Greek find called earliest sign of our species out of Africa

The skull named Apidima 1 was discovered in a Greek cave and was determined to belong to a Homo Sapien

The skull named Apidima 1 was discovered in a Greek cave and was determined to belong to a Homo Sapien

Homo sapiens left Africa, according to a study, a lot more and 150,000 years earlier in Europe settled than previously thought. It was found along with another complete skull, Apidima 2, which was identified as belonging to a Neanderthal.

Nearly all human-origin specialists agree that modern humans evolved somewhere in Africa.

The researchers announced their findings in the British science journal Nature on Wednesday.

Researchers uncovered two significant fossils in Apidima Cave in Greece in the 1970s. The skulls were discovered in 1978, when the National and Kapodistrian University of Athens was conducting research.

'Our results indicate it is an early modern human - about 210,000 years old.

The two partial skulls were not near anything that offered archaeologists useful clues about their origin: no stone tools, no animal remains, nothing. Given the fragmentary nature of the skulls, they were hard to remove and clean, though that eventually happened in the 1990s.

Apidima 1 lacked classic features associated with Neanderthal skulls, including the distinctive bulge at the back of the head, shaped like hair tied in a bun. It had a thick, rounded brow ridge, and other minor characteristics of this related species.

"We compared them to other fossil skulls from all over Europe and Africa from the same, or similar, time period", said Harvati.

They named them Apidima 1 and 2, after the cave in which they were found, which overhangs the Aegean Sea and is accessible only by boat.

Lead researcher Professor Katerina Harvati, from the University of Tubingen, added: "Our results suggest that at least two groups of people lived in the Middle Pleistocene in what is now southern Greece: an early population of Homo sapiens and, later, a group of Neanderthals".

As these modern humans expanded across Eurasia, they largely replaced other species they encountered, such as the Neanderthals and Denisovans. This narrative originally said that modern humans in the southern cape of Africa developed a suite of original ways of thinking and communicating approximately 80,000 years ago. But the Jebel Irhoud fossils display more primitive features than Apidima 1.

Until now, the earliest fossil evidence for modern humans outside Africa was from the Misliya cave in Israel, where scientists had found a jawbone dated between 194,000 and 177,000 years old.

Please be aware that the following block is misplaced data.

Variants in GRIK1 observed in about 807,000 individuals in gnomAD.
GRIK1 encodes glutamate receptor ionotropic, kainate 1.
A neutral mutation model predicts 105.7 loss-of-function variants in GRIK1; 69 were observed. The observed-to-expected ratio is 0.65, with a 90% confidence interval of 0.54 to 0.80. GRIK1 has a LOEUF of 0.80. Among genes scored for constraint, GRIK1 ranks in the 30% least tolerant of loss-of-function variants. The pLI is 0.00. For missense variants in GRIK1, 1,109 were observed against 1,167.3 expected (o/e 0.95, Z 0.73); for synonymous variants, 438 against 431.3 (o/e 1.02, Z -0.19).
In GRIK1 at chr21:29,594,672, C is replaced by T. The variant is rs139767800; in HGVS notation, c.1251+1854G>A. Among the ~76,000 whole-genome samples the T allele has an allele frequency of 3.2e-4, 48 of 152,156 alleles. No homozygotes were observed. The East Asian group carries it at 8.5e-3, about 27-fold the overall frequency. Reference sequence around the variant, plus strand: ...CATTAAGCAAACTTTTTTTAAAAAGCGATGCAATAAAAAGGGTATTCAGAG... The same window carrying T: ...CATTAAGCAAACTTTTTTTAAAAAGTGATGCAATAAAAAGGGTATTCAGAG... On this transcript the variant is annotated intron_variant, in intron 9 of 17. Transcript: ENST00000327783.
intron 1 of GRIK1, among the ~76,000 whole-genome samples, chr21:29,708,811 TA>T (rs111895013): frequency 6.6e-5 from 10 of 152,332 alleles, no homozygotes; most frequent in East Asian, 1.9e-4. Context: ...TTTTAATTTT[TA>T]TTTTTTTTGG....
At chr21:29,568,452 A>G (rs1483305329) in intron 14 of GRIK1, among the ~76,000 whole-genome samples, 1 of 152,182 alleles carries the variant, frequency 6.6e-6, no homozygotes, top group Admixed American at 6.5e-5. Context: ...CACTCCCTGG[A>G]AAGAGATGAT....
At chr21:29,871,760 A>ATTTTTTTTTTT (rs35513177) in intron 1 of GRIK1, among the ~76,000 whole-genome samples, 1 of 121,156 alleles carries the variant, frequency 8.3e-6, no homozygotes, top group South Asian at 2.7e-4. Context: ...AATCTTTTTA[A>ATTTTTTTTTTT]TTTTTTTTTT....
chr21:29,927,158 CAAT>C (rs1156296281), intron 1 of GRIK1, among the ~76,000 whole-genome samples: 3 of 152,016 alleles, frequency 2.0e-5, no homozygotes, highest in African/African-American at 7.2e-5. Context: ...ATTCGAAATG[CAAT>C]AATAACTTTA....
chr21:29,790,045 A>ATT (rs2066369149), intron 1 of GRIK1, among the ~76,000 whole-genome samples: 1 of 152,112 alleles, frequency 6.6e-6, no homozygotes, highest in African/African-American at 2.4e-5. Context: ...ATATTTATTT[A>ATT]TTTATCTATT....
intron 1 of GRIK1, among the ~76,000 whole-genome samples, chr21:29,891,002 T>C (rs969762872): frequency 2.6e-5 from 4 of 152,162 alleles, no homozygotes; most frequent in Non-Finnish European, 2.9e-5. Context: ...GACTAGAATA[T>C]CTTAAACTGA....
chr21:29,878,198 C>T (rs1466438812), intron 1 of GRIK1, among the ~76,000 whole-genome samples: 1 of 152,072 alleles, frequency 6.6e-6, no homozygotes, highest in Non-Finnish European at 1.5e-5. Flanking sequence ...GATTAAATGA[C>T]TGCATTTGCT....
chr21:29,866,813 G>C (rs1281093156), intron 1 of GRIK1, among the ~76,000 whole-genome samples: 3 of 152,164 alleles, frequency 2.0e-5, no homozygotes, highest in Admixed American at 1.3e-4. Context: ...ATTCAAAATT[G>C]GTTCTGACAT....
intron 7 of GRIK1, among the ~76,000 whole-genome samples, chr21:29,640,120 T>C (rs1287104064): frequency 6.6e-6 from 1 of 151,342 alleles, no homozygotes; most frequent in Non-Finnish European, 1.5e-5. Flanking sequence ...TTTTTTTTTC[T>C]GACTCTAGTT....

The rock surrounding Apidima 1 was estimated to be about 210,000 years old, while the rock around Apidima 2 was only 170,000 years old. Previously, it had been assumed they would both be the same age, given that they were found in the same breccia and only the breccia was initially dated.

"The most likely scenario is that there were bone deposits elsewhere in the cave system and that some time around 150,000 years ago, these different deposits were washed down the solution pipe and ended up in the same solidified breccia".

The group says the finding proves that modern humans left the African continent tens of thousands of years earlier than believed until now, and crossed paths with Neanderthals and other human species. Climactic events or competition from Neanderthals caused them to die off, leaving no genetic trace behind in the population.

The older of the two Apidima skulls does not match the features of the Neanderthals, another extinct human species that once roamed Eurasia, coexisting and possibly interbreeding with modern humans.

While only the back portion of the skull of Apidima 1 remained, it was enough for the researchers to make a positive identification.

They want to know the underlying cause for the early migrations, if there were technological advancements that allowed for those migrations and why some of the modern human populations didn't persist in the areas where they migrated.

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